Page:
Evelyn Hockstein for The Washington Post
Bob Corker, the outgoing Republican senator from Tennessee, recently compared supporters of President Trump to members of a cult. The Washington Post quoted Corker as saying: "It's becoming a cultish thing, isn't it? It's not a good place for any party to end up with a cult-like situation as it relates to a president that happens to be of -- purportedly -- of the same party."
Purportedly? It would be nice to know what the Republican Party stands for these days, especially when it comes to spending and debt, but I will leave that for another day.
The Post story says "...the Republican Party appears united now not by fealty to ideas or policies but to a man, who defied the odds to win the presidency and who has magnetically drawn the party's power base to himself."
Doesn't that reasoning also describe the rise to power of Barack Obama and Bill Clinton -- the former this country's first African-American president, the latter the former governor of a Southern state with a great gift of gab, though personally flawed in ways similar to President Trump? Why did the media not label Clinton followers cultists? Why weren't people who appeared to worship President Obama regarded as blind followers of a cult-like leader? Answer: because they are Democrats, and the standards are different for Democrats.
Corker is right about how the GOP focused less on ideas and more on winning, but that could describe both parties at varying points in history.
What Corker and the Post fail to grasp is the level of anger directed at both parties. Too often, Democrats and Republicans appear to care more about their own political careers than the careers and lives of voters. Trump supporters transcend party loyalty, as does Trump.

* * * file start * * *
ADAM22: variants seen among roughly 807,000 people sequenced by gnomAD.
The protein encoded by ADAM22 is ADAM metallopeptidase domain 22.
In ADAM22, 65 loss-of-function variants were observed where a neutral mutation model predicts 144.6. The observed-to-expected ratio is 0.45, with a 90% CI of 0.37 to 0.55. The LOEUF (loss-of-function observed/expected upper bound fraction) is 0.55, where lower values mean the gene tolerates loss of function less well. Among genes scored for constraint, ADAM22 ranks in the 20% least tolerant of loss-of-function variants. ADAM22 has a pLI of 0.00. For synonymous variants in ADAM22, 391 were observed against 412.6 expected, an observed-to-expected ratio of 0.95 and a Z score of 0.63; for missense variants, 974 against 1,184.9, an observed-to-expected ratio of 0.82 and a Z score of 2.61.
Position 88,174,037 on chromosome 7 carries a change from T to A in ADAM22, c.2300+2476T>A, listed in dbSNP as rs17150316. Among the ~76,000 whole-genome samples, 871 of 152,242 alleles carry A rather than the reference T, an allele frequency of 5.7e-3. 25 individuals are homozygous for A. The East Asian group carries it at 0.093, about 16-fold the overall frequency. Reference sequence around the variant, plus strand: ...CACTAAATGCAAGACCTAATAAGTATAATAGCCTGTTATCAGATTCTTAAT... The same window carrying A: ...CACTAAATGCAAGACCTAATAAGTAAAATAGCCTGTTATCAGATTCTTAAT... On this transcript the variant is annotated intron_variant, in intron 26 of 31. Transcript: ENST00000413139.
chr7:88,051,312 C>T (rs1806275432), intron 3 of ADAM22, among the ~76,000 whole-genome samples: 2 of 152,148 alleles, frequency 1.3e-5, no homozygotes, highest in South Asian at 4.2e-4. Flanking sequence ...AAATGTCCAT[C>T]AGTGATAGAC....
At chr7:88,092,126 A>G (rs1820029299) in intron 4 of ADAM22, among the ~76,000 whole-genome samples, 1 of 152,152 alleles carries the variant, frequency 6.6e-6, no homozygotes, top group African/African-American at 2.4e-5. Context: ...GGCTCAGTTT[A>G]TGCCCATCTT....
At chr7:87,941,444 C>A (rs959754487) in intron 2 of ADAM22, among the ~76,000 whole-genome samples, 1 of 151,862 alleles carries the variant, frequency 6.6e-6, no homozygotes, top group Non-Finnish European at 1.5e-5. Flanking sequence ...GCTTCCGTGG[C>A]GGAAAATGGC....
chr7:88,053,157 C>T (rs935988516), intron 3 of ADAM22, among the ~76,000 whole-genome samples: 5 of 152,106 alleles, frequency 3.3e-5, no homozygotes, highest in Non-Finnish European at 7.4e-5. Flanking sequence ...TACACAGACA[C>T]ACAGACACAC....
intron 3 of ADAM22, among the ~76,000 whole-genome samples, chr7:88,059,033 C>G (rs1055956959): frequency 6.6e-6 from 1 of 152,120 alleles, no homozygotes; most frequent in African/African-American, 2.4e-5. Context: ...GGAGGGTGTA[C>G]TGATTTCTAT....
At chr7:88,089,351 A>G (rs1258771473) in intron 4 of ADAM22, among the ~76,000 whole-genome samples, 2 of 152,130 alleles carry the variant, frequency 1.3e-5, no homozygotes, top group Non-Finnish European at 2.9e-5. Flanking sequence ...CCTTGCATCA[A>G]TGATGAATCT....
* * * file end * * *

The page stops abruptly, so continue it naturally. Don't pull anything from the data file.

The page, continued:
But -- and this is key -- they believe he cares about them and so they are willing to forgive his past personal indiscretions and current lies because they think his policies and the more positive direction of the country benefit them more than it does the political and media class.
Cultists reject any evidence that proves their faith is wrong. Trump supporters believe he is taking the country away from elitist snobs who care little about Middle America, except at election time. He is channeling their anger and frustration about broken government and dysfunctional Washington. They are glad he has an opportunity with his Supreme Court appointments to undo some of the judicial activism the Founders never intended for the court to practice and to again make the Constitution central to the nation's governing life.
They have grown tired of being stereotyped as yahoo hillbillies and uneducated Bible-thumpers who, according to Barack Obama, "get bitter" and "cling to guns or religion or antipathy to people who aren't like them..." Trump is their revenge and they are enjoying it. Look at the crowds the president continues to draw from his base as he travels. Their level of enthusiasm for him is at the level of a presidential campaign.
The support the president is receiving isn't just about him. It appears to stem from a sense of gratitude from people who have been ignored by many politicians and now believe they have a champion who listens to and speaks for them. Is he a perfect champion? Of course not. What politician, what human, is perfect? But Trump supporters believe his policies are far better than those advocated by Hillary Clinton and the Democratic Party, which seems to be trending more socialist every day.
People who embrace socialism after its demonstrated failures all over the world --Venezuela and Cuba are two examples -- are more like cultists than Trump supporters. And labeling them as cultists will only serve to drive more of them to the polls in the next two elections.
Cal Thomas, America's most-syndicated columnist, is the author of 10 books.